Sorry, also, for your loss. I'm a retired CPA, not an attorney, nor do I play one in my retirement! You need to see an attorney ASAP. Start with the trust preparer, and go from there. Lots of unanswered questions before any of us lay amateurs can give an accurate answer. How large is her estate? How many beneficiaries are there? Tax situations on distributions of retirement accounts can be good or really, really, bad. (You might benefit from a partial distribution in 2018 and another next year.) I've seen the easiest and simplest estates fall into an all out war, over next to nothing. The legal and professional fees you pay now will be among the wisest money you've ever spent.
     
    • Agree Agree x 2
  8. makikiboy

    makikiboy VIP Whale

    Joined:
    Oct 5, 2007
    Messages:
    5,334
    Trips to Las Vegas:
    35
    Thanks for all you replies. I was hoping that there was an attorney on VMB to answer some of my questions.


    I did contact the trust attorney, unfortunately he takes a percentage of assets before he will give any advice or assistance. The trust does say that it was created to avoid probate.

    I have a paralegal friend who looked through the will and trust and said that I didn't need to go through probate. Basically the trust and will said that the assets will be split between myself and my brother, with the contingency that $25k will go to the sumbag if there are still cash assets after the trust is executed. My brother has no problem with us splitting the assets so we will try to avoid probate.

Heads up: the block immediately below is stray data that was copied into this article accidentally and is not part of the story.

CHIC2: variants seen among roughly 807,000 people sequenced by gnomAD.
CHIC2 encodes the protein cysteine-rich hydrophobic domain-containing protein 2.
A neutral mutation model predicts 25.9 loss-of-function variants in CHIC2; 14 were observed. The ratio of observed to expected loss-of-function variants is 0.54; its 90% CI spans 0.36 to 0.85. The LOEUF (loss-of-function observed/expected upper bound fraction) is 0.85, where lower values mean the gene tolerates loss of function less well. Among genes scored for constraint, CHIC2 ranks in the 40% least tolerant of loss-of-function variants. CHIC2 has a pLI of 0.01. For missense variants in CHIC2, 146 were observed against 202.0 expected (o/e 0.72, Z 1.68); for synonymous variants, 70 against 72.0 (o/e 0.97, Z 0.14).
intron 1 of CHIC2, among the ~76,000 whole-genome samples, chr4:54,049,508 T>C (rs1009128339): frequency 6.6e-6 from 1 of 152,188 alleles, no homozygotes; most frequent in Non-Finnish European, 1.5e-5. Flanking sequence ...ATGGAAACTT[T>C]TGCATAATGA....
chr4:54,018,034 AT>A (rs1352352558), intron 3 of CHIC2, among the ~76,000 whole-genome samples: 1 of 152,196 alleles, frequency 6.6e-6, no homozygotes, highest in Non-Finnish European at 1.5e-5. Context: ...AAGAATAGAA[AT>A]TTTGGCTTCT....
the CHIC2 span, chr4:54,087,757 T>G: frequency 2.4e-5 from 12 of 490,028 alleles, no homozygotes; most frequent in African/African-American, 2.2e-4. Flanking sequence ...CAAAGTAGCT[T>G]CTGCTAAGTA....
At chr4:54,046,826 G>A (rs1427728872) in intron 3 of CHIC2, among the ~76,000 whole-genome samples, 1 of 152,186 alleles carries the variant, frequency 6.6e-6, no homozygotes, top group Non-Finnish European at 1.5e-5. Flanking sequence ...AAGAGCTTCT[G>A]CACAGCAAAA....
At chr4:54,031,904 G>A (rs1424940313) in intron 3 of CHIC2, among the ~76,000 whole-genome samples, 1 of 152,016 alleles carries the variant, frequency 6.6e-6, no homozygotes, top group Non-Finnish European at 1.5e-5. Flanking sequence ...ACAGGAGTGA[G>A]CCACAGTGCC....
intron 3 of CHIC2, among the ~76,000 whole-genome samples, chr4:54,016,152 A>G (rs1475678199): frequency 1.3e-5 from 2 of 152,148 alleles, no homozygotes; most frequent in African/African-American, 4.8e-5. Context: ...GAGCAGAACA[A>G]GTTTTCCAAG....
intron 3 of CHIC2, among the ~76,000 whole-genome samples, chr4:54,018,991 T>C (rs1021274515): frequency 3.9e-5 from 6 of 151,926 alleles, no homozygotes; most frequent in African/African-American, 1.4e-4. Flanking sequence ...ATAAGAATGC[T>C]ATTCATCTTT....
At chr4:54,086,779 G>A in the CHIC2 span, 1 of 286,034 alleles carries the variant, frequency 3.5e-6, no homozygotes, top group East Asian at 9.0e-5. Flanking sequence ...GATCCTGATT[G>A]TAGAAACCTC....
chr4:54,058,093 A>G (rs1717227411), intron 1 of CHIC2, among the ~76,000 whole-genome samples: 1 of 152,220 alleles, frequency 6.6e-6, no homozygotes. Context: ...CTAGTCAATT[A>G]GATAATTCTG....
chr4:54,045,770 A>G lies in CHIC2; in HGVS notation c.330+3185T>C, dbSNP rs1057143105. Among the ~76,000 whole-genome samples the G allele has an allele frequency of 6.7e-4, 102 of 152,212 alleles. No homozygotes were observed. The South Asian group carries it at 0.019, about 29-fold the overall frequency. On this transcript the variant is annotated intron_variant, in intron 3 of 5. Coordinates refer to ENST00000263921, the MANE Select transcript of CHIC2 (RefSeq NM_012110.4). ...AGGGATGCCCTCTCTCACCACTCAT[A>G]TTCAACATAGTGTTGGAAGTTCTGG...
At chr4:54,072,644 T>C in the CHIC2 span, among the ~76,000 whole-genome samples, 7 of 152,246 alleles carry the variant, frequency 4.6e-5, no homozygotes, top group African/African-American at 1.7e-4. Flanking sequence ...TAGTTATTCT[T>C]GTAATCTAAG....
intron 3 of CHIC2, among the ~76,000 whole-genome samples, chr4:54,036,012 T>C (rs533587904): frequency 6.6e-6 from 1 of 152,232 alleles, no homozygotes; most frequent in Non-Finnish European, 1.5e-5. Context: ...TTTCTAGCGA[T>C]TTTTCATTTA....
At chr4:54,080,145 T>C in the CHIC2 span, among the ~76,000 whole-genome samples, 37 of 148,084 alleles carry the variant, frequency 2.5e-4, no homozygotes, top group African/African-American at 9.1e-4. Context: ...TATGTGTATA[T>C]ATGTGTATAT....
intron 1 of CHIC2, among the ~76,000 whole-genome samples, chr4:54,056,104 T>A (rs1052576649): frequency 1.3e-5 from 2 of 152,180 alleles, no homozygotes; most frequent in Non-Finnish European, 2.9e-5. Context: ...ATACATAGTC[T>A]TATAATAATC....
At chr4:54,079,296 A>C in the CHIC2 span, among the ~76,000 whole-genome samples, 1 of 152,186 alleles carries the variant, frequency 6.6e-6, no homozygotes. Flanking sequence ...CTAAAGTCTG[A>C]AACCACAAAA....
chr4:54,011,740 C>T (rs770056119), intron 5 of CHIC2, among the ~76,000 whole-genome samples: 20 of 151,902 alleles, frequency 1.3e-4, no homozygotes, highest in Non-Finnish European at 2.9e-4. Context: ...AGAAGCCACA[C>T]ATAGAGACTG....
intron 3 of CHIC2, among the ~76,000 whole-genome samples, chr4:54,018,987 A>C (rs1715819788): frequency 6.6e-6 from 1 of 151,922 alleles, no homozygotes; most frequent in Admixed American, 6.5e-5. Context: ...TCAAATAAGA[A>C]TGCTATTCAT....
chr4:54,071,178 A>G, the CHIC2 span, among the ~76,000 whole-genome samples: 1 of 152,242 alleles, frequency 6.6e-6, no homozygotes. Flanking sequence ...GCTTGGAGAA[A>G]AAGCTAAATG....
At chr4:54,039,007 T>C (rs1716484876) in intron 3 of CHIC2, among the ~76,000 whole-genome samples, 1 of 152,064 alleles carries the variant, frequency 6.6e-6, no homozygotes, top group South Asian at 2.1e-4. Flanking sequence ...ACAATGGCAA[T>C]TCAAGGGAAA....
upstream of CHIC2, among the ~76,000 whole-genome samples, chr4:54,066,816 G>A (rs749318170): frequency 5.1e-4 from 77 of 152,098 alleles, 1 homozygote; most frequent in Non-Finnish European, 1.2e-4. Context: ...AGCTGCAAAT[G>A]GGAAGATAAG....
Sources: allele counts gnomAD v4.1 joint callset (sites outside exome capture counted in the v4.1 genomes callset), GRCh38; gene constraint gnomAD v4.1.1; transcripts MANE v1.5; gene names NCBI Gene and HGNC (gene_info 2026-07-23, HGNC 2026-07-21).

I opened the bank account for my mother and some of my money in the account is mine. The paralegal and I content that since it was a joint account it passes to me upon her death. that is what I want to query a trust attorney but unfortunately the trust attorney wants a percentage of assets before they assist. I don't have a record of the amount I put into the account so hard to prove anything.

    As for the scumbag, luckily my mom moved from Maui to Honolulu to live in a care home (assisted living facility). She had to pay a big lump sum to get into the care home (almost $200k, which the care home got and ) so she didn't have a lot of cash available after that. Scumbag still contacted her and begged her for money but she finally caught on and realized what he was and told him no more. Unfortunately she didn't update her trust so he was still part of the trust but she said she didn't want to give him any more money. Too bad I didn't push amending the trust at the time but she kept giving excuses. He has been out of the picture for the last 5 years so isn't in an contact with her or the family.

    Luckily she got rid of most of her stuff on Maui (getting fraction of pennies on the dollar for them) so she didn't have a lot of stuff to get rid of. For her Honolulu stuff I just gathered what I thought could be used and left the rest to the care home, I can use them for charitable contributions as she had an adjustable bed, leather couch and other stuff and I didn't want to bother trying to sell them myself or moving them out of the care home.